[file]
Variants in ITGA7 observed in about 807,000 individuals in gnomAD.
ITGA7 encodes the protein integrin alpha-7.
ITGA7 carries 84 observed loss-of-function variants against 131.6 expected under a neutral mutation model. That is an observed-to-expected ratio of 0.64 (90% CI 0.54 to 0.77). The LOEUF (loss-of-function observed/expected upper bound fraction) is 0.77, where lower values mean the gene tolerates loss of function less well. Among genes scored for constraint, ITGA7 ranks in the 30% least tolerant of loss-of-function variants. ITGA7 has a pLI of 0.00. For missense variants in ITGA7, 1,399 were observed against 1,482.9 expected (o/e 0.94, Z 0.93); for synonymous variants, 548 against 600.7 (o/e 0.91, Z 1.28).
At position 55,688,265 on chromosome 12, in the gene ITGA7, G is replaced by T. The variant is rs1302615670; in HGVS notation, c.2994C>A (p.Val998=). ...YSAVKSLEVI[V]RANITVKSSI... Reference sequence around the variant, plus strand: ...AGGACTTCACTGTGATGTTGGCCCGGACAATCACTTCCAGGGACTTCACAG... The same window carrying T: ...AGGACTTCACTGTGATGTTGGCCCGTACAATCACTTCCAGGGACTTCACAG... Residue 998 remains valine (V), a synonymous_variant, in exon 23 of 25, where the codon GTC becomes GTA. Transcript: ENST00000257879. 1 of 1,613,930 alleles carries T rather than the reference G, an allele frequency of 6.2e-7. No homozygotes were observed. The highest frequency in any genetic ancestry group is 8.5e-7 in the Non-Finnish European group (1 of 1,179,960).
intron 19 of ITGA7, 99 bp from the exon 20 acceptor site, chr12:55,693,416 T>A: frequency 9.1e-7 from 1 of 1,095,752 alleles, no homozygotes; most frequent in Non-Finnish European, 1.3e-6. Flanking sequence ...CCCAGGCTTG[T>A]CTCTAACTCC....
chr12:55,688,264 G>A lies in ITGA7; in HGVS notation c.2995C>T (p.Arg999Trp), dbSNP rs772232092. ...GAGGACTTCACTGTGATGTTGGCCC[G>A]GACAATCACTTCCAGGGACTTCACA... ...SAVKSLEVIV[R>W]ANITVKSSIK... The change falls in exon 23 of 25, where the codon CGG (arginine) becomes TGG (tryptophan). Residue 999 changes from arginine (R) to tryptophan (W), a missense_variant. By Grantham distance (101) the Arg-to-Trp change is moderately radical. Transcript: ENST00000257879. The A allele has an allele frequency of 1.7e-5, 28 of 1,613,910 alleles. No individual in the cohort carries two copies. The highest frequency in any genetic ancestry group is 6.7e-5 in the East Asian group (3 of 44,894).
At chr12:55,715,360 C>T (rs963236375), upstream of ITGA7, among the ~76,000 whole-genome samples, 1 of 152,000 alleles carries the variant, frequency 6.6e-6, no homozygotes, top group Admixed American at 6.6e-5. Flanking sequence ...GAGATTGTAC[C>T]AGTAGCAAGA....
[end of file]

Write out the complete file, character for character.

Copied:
Variants in ITGA7 observed in about 807,000 individuals in gnomAD.
ITGA7 encodes the protein integrin alpha-7.
ITGA7 carries 84 observed loss-of-function variants against 131.6 expected under a neutral mutation model. That is an observed-to-expected ratio of 0.64 (90% CI 0.54 to 0.77). The LOEUF (loss-of-function observed/expected upper bound fraction) is 0.77, where lower values mean the gene tolerates loss of function less well. Among genes scored for constraint, ITGA7 ranks in the 30% least tolerant of loss-of-function variants. ITGA7 has a pLI of 0.00. For missense variants in ITGA7, 1,399 were observed against 1,482.9 expected (o/e 0.94, Z 0.93); for synonymous variants, 548 against 600.7 (o/e 0.91, Z 1.28).
At position 55,688,265 on chromosome 12, in the gene ITGA7, G is replaced by T. The variant is rs1302615670; in HGVS notation, c.2994C>A (p.Val998=). ...YSAVKSLEVI[V]RANITVKSSI... Reference sequence around the variant, plus strand: ...AGGACTTCACTGTGATGTTGGCCCGGACAATCACTTCCAGGGACTTCACAG... The same window carrying T: ...AGGACTTCACTGTGATGTTGGCCCGTACAATCACTTCCAGGGACTTCACAG... Residue 998 remains valine (V), a synonymous_variant, in exon 23 of 25, where the codon GTC becomes GTA. Transcript: ENST00000257879. 1 of 1,613,930 alleles carries T rather than the reference G, an allele frequency of 6.2e-7. No homozygotes were observed. The highest frequency in any genetic ancestry group is 8.5e-7 in the Non-Finnish European group (1 of 1,179,960).
intron 19 of ITGA7, 99 bp from the exon 20 acceptor site, chr12:55,693,416 T>A: frequency 9.1e-7 from 1 of 1,095,752 alleles, no homozygotes; most frequent in Non-Finnish European, 1.3e-6. Flanking sequence ...CCCAGGCTTG[T>A]CTCTAACTCC....
chr12:55,688,264 G>A lies in ITGA7; in HGVS notation c.2995C>T (p.Arg999Trp), dbSNP rs772232092. ...GAGGACTTCACTGTGATGTTGGCCC[G>A]GACAATCACTTCCAGGGACTTCACA... ...SAVKSLEVIV[R>W]ANITVKSSIK... The change falls in exon 23 of 25, where the codon CGG (arginine) becomes TGG (tryptophan). Residue 999 changes from arginine (R) to tryptophan (W), a missense_variant. By Grantham distance (101) the Arg-to-Trp change is moderately radical. Transcript: ENST00000257879. The A allele has an allele frequency of 1.7e-5, 28 of 1,613,910 alleles. No individual in the cohort carries two copies. The highest frequency in any genetic ancestry group is 6.7e-5 in the East Asian group (3 of 44,894).
At chr12:55,715,360 C>T (rs963236375), upstream of ITGA7, among the ~76,000 whole-genome samples, 1 of 152,000 alleles carries the variant, frequency 6.6e-6, no homozygotes, top group Admixed American at 6.6e-5. Flanking sequence ...GAGATTGTAC[C>T]AGTAGCAAGA....